My principle scientific passion is understanding cognition, particularly as it relates to explaining human culture, but also natural intelligence more broadly.  My main methodology for doing this is designing intelligent systems to model and test scientific theories.  We build theories of intelligence into working AI models.  Modelling allows us to learn more than we could using unassisted human reasoning about whether a theory is reasonable and what its implications are.  Once we understand a theory's implications and predictions, we can compare these to data empirical scientists collect from the natural system we are trying to explain.  Increasingly, we are collecting our own data too.

Most (but not all) of my research has focused on the unintentional and non- or proto-linguistic aspects of human intelligence, and how intelligence evolves more broadly.  The more we understand both the universals of cognition and computation, and the variation we see across species (particularly but not exclusively in animals), the better we will understand the context of specifically human behaviour, including human culture.  From 2000–2007 I worked primarily on understanding non-human primate behaviour.  Since 2008 my group has been more focused on characteristics of human cognition such as consciousness, language, religion, and especially cultural variation in cooperation.  This doesn't mean we've lost interest in comparative cognition; my group now studies evolutionary and learning dynamics in many contexts, from public goods games in humans to instruction sharing in microbia, from evolvability and epistasis in gene regulatory networks to computer game strategies. We have looked at cognition and information sharing in species from macaques to tortoises to ravens to Mongolian asses.

Designing AI models of natural intelligence isn't as easy as it should be.  My research therefore has always included a great deal of work on systems AI, including my work in action selection and the development methodology I initially developed at MIT,  Behavior Oriented Design (BOD).  We apply this work into a variety of domains besides science, including cognitive robotics, computer game characters, and intelligent environments / "smart homes".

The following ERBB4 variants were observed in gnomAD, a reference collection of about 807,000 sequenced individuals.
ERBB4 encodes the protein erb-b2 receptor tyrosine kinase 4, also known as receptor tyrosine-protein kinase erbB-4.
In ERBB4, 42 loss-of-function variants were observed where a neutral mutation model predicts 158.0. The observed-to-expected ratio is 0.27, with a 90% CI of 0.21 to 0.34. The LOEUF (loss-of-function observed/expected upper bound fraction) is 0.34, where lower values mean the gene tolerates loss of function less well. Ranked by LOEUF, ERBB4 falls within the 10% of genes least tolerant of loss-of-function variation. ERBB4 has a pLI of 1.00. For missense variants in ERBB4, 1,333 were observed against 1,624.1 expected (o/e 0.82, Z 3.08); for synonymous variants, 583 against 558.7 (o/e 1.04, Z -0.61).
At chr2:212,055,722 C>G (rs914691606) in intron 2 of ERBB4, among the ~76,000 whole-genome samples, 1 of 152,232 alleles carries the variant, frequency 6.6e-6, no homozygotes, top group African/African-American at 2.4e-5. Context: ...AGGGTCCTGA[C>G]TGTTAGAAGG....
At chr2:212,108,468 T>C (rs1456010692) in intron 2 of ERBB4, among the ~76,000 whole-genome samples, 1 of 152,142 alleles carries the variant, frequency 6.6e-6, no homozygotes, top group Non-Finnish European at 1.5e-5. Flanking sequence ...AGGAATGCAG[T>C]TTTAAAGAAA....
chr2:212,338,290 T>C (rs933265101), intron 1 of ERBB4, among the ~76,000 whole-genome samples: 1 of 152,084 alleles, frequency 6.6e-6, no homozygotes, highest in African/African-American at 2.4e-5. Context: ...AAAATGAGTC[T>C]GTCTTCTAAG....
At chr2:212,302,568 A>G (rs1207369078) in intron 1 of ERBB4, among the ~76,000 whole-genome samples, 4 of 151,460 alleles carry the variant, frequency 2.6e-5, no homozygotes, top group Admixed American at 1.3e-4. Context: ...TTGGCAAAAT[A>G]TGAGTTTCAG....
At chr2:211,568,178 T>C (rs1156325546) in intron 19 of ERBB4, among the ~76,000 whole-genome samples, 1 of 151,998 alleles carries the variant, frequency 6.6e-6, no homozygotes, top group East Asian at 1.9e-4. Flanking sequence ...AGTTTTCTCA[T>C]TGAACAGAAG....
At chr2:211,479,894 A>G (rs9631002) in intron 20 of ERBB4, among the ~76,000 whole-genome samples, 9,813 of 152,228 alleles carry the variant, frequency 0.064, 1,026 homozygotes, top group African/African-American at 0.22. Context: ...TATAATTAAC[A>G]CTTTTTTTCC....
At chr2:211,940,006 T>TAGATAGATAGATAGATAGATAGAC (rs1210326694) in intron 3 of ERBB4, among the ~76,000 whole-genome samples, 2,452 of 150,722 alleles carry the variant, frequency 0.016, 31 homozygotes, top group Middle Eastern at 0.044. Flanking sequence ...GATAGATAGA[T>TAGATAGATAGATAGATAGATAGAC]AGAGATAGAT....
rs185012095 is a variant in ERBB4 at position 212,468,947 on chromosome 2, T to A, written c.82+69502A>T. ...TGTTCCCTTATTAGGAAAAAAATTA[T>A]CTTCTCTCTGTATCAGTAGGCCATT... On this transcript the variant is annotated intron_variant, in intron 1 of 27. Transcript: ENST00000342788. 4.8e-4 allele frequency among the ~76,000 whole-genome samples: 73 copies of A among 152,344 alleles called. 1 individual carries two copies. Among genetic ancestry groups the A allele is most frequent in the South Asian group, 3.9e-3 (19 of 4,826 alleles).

Given I work on both bettering AI and understanding human society, I feel obliged to also work on Robot and AI Ethics. My work there didn't initially seem like research but rather just public understanding of science. However, it has become clear that humans have a lot of trouble understanding AI, partly because AI is built overly opaquely, partly because humans over-identify with the computational aspects of our intelligence, perhaps mostly because we don't understand ourselves.  Consequently my group now does real empirical research in AI ethics, both how to make AI itself more transparent and accountable, and how to help ordinary users understand their domestic AI systems.

Research Group and Students

Research is done by researchers.  Many of the people I've written papers with have been affiliated with Artificial models of natural Intelligence.  These include my PhD and other dissertation students.   I have also been the "research leader" for Bath's Intelligent Systems Group, but this was very much a Frederick Brooks' type of leadership-as-service role.  It has now been taken over by my awesome colleague Özgür Şimşek.

If you would like to do research with me, and

Other and Older Research Projects, Funding

I have been involved in promoting European Cognitive Systems research and education.  Some time ago I used to occasionally get around to maintaining this research-oriented list of Related Web Sites.  Even my really old Code is on line.  All of my code from published projects is available either there or from the Amoni Software Page.

Research projects and labs previous to Bath

Bath Projects and Funding Acknowledgement

Please see the AmonI Web pages for descriptions of projects and links to code.

J J Bryson
Last updated January 2018